Louisa has taught literature courses at the University of Washington as well as writing courses at the Evergreen State College and several Puget Sound area community colleges. Her short stories have appeared in Calyx, The Bellingham Review, and other literary journals, one having won the Katherine Anne Porter Prize for Fiction. An avid ballet dancer in her 50s, she also pursues wilderness adventures as a mountain climber, thru-hiker, and instructor of mountaineering.
She is the author of A Spiritual Evolution: How 14 after-effects of an NDE helped cure my addictions and changed my life, and an essay, God Evolved, as well as The Purpose of Gravity and Other Fabulous Stories.
Where to find Louisa P. online
VideosLouisa's pre-reading remarks at Unity on Union Bookstore
Carol introducing Louisa; Louisa introducing her readings
A head-over-heels lesbian couple gets a visit from the narrator’s prim and proper mom, who advises them not to be lesbians - but with a surprising tale that casts a spell over their afternoon. Published in CALYX, 2005.
Pretending it's Daytime
A college student's one week gig as a live-in sitter for two wealthy kids proves more than challenging. Published in Side Show, 1996.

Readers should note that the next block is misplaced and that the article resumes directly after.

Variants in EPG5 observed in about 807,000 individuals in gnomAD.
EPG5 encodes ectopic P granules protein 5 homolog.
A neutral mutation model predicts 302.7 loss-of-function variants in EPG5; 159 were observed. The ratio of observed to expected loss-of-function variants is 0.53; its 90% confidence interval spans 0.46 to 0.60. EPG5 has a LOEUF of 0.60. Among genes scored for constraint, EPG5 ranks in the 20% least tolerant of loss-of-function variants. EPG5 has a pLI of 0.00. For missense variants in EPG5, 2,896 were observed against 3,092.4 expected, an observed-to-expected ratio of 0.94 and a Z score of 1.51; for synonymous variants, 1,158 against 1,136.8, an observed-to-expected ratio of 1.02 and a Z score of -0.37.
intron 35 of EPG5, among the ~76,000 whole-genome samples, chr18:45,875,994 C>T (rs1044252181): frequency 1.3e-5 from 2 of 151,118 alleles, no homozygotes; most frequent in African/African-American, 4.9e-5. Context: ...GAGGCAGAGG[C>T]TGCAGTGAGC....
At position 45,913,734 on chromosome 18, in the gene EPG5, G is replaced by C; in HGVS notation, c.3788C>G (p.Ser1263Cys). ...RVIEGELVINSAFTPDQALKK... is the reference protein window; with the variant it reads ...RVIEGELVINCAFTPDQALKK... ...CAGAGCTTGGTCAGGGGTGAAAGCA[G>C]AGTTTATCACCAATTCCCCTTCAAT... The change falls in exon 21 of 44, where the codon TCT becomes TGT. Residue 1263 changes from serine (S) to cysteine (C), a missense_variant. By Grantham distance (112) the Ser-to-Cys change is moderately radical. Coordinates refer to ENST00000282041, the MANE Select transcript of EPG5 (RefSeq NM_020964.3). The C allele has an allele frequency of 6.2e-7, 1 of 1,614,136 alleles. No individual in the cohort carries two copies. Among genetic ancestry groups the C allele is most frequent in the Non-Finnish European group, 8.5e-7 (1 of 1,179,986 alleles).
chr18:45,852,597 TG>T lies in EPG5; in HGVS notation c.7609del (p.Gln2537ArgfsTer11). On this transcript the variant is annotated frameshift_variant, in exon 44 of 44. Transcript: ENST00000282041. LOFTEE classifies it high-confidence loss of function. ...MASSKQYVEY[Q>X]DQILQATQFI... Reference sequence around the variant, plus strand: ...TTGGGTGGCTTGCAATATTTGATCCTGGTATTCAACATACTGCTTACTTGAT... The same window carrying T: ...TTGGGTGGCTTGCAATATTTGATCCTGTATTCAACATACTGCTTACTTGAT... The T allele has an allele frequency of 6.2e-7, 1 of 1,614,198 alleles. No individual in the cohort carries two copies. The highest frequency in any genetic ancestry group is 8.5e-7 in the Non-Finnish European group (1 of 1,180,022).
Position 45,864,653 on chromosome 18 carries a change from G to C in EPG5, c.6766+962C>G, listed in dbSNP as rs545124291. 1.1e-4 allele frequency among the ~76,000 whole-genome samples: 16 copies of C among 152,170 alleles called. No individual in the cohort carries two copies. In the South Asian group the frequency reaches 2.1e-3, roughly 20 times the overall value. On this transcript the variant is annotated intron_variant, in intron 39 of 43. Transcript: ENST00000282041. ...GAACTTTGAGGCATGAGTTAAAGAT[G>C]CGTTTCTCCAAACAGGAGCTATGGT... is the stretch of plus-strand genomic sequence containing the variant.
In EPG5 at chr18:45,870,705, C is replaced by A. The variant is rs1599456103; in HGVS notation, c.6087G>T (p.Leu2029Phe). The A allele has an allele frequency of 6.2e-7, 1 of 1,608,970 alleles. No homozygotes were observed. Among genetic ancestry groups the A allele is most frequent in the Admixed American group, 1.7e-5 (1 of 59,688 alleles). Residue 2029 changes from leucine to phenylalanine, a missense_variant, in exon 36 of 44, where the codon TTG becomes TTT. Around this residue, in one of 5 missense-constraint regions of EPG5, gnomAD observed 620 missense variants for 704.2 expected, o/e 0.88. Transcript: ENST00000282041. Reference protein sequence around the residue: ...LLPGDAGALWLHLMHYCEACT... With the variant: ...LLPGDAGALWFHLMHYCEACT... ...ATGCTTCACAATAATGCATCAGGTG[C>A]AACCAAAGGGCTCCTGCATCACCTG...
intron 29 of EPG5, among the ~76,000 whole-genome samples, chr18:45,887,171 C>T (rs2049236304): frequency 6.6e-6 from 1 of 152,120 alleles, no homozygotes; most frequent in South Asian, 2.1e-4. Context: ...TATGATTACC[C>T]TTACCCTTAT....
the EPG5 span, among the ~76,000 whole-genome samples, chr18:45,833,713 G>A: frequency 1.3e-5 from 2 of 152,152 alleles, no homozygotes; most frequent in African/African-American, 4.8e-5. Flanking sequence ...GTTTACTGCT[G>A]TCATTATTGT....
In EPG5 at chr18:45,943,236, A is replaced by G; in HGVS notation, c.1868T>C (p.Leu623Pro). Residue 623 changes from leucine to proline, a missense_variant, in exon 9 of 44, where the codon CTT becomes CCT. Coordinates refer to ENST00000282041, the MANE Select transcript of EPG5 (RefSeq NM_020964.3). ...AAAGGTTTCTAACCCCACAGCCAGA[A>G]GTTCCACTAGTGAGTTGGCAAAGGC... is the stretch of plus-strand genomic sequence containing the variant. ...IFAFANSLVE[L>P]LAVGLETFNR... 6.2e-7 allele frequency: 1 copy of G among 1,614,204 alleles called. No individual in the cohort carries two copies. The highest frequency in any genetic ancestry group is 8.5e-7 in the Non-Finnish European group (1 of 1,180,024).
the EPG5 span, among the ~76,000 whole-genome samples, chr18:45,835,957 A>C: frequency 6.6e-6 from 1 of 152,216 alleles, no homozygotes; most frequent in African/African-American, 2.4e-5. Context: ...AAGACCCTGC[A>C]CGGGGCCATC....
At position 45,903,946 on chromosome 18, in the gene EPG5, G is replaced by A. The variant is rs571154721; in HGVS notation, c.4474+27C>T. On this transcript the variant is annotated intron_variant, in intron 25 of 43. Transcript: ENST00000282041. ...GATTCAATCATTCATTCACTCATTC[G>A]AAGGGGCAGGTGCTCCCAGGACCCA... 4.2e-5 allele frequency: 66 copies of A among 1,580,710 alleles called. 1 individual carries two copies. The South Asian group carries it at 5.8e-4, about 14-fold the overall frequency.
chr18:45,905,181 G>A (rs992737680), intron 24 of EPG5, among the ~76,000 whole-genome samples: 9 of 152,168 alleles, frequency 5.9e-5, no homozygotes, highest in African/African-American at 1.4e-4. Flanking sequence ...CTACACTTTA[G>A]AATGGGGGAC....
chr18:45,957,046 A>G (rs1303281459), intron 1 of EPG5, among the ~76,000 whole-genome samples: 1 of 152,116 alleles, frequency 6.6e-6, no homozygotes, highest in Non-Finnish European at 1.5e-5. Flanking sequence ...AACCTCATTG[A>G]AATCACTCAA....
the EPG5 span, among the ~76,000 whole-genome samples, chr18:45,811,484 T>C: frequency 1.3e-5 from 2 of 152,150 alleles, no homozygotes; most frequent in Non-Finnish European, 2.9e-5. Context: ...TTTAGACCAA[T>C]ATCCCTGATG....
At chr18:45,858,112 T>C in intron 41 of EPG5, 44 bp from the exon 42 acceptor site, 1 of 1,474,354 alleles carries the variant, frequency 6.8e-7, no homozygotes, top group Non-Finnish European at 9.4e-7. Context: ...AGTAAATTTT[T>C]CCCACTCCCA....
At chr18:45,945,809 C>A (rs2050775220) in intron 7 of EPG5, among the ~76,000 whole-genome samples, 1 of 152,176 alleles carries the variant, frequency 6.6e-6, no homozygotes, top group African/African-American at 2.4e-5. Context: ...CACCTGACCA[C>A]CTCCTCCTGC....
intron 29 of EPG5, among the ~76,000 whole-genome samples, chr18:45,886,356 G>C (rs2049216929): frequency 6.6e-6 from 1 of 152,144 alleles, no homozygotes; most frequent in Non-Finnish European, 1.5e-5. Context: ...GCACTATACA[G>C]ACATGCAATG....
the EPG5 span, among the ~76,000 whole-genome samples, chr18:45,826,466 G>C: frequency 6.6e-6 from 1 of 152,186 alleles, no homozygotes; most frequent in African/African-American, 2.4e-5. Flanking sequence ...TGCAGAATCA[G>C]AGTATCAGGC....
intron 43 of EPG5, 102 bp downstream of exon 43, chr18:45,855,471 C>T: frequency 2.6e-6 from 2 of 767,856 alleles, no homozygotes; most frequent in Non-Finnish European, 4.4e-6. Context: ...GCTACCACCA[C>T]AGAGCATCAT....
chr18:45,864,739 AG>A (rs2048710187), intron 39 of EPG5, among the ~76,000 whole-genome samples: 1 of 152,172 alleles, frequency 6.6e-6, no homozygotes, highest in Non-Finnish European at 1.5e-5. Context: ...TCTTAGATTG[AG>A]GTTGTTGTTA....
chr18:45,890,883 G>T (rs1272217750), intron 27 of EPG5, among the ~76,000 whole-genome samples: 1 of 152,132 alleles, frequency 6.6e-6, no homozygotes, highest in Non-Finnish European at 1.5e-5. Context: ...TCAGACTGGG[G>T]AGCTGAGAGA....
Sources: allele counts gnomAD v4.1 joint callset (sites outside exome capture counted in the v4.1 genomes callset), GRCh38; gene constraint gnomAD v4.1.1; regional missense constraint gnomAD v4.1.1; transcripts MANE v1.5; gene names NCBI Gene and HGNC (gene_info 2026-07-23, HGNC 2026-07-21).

A teenage photographer loses her artistic innocence and maybe more. Published in Northwest Review, 2000.
Past a House with a Chicken
A rooster raised from a chick wins a place deep in a young woman's heart, while her boyfriend fails to do the same. Published in Primavera, 1999.
A newly sober mom longing to get back custody of her daughter tries to make something happen. Published in Pindeldyboz, 2004.
An artist who creates puppets invests commonplace living with a surreal intensity that isolates her from everyone - until she encounters an odd octogenarian. Published in 13th Moon, 1993.
Forced to move and dreading puberty, a 13-year-old girl clings to childhood through her younger sister.
Published in the Bellingham Review, 1990.
The Purpose of Gravity
A frustrated writer feeling trapped in her marriage receives a coming-out letter from her closest girlfriend in college.
Winner of the 1992 Katherine Anne Porter Prize for Fiction, published in Nimrod.
Spot the Sweetie
Two fine arts students deconstructing the notion of romantic love find their own friendship devolving toward an inevitably cliché attraction. Winner of the University of Washington's Milliman Award, published in Short Fiction by Women, 1993.
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